TOA Day Two – The Everything of Internet

Everywhere you look, there is someone talking about the Internet of Things, a world where everyday objects are connected to the internet, talking to each other in a bid to make our lives easier, more interesting and fun.

Everywhere you look, there is someone talking about the Internet of Things, a world where everyday objects are connected to the internet, talking to each other in a bid to make our lives easier, more interesting and fun. And, let’s not kid ourselves, this is going to be a massive area for everyone concerned. Certainly, at Equator, we’re getting into the IoT in a big way.

However, if I were to extract a theme from the various talks and events in day two, the really exciting stuff going on revolved around people taking an area and attempting to own EVERYTHING in it.

We heard from a company who has decided to take photos of the entire planet, every part of it - every single day. By launching over 100 satellites, each of them not too much bigger than a golf bag, and having them sweep around the world, they intend to be able to offer scientist, geologists, environmentalists and urban planners the opportunity to see the world developing day by day. And excitingly, they’re opening up this data for the likes of you and I to play with and connect with.

We heard from another organisation who intend to look at the data in food (all food!) and map it out. Why? This company believes that there are medicines, treatments and tinctures in all our food waste, from apples to wheat kernels that could be saving lives. In simple terms, they expressed the size of their task (and the scope of the opportunity) as understanding that, in a single apple, there is more data than there ever has been within Social Media since time began.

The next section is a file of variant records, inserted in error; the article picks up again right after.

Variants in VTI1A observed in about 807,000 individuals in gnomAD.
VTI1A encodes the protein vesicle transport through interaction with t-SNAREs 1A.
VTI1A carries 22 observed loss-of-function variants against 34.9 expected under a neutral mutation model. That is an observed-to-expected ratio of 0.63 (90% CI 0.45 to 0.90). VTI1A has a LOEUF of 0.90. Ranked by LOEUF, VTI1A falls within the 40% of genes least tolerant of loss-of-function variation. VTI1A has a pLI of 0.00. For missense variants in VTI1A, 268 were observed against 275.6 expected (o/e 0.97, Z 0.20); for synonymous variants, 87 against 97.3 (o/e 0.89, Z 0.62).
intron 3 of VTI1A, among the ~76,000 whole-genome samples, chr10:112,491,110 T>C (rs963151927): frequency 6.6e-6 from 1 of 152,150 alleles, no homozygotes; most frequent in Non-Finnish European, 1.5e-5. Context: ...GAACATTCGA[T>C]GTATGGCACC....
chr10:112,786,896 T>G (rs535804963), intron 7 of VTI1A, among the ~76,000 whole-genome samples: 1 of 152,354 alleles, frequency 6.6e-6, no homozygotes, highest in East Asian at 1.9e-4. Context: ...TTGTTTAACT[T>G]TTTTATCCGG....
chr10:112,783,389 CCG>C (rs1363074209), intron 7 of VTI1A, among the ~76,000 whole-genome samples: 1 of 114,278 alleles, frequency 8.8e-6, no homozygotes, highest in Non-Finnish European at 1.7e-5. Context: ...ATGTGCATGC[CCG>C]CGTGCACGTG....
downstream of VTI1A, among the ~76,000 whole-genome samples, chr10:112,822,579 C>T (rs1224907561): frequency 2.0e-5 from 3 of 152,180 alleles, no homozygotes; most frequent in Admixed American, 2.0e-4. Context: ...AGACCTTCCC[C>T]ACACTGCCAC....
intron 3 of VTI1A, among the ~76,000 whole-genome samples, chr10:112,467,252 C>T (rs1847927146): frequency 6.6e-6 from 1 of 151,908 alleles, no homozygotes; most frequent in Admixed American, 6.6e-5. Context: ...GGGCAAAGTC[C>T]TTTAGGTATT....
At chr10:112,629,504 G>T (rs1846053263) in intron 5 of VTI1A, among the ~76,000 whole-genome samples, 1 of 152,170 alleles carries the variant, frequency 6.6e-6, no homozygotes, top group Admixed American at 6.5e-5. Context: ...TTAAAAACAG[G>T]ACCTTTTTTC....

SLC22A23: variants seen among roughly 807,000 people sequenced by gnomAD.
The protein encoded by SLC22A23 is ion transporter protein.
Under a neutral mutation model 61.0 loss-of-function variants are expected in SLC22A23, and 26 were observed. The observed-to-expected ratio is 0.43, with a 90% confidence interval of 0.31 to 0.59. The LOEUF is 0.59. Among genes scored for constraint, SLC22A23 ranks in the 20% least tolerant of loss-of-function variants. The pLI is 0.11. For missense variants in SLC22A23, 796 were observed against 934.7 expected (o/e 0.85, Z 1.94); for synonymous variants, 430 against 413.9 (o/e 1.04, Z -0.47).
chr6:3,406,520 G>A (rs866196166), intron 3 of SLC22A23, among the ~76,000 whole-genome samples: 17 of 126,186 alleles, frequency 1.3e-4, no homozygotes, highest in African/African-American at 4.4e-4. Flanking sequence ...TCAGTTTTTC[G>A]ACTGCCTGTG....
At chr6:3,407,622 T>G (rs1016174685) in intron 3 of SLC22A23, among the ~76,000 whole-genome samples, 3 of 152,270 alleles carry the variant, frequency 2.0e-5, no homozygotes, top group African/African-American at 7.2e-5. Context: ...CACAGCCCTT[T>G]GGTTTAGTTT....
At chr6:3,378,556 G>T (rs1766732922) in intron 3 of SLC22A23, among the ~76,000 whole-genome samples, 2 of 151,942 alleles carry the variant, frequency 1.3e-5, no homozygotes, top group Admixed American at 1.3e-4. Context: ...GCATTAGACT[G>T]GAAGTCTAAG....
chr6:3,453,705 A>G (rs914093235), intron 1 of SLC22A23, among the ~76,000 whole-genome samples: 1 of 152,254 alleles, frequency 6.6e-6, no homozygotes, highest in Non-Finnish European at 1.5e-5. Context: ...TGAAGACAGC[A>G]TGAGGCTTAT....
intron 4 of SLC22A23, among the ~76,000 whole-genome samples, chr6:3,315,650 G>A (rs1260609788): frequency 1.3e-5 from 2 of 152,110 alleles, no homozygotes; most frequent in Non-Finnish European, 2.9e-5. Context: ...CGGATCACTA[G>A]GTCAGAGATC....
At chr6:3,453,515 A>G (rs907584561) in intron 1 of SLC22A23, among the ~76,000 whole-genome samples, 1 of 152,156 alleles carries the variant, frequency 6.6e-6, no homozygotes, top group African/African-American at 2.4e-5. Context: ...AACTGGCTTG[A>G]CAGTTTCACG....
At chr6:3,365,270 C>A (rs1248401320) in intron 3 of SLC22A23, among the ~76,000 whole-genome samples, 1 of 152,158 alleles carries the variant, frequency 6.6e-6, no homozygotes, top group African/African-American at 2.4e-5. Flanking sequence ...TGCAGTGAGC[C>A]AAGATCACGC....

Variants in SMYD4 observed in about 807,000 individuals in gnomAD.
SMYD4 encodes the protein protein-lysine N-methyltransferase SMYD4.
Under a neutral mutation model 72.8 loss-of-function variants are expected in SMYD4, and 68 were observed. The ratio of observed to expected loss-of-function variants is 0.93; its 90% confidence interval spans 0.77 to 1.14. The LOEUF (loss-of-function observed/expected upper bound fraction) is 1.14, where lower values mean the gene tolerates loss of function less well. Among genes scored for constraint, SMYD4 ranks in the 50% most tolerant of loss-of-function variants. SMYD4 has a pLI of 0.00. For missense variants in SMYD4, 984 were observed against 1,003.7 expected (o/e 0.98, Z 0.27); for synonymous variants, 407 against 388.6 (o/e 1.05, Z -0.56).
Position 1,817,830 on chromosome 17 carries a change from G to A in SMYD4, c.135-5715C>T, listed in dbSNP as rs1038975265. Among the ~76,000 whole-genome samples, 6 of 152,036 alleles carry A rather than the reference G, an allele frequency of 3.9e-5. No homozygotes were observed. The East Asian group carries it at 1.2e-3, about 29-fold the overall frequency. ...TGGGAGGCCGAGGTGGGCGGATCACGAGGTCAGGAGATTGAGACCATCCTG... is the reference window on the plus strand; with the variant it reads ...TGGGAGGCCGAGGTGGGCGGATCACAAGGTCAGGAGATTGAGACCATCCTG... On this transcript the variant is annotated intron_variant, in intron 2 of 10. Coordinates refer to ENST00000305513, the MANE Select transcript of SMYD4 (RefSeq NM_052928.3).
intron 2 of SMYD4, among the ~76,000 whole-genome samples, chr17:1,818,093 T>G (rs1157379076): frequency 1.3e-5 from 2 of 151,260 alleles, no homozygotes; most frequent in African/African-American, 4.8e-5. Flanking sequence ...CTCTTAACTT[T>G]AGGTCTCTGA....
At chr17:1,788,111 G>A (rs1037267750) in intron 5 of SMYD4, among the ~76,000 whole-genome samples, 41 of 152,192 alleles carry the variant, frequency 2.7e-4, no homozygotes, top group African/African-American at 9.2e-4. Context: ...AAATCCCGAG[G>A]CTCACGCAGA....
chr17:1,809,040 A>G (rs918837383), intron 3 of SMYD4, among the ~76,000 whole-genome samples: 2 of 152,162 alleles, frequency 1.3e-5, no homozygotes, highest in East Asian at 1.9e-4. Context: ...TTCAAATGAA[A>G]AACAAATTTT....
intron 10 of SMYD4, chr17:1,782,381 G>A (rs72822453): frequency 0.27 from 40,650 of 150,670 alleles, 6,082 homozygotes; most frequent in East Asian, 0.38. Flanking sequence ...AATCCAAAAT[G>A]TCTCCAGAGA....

And thirdly, we heard from an incredibly innovative organisation who has made it their mission to tie together the world of Beacons, these simple transmitting devices that, in the next year, are likely going to be everywhere! Their goal is to build a central database and cloud management platform for these Beacons that allows business to interact with every one of them. Already, this organisation has a database of 13,000 live beacons across Germany, capturing the interactions of 11m individuals on a daily basis. When you think about what that means, they can get an amazing, detailed picture of interactions that even Google or Facebook could never get.

All in all, what TOA told me on day two is, that if you have an idea or a concept, you’d better go BIG or go home. Because when you go big, the potential opportunities your idea create end up being even bigger than the big idea you had to start with. Every one of these organisations was at TOA, not to boast about how great they were but, to encourage the audience to participate in their projects and to find new and exciting use cases for the work they had created.

And it is in this global co-creation and participation that I believe so much of the exciting future of EVERYTHING exists.

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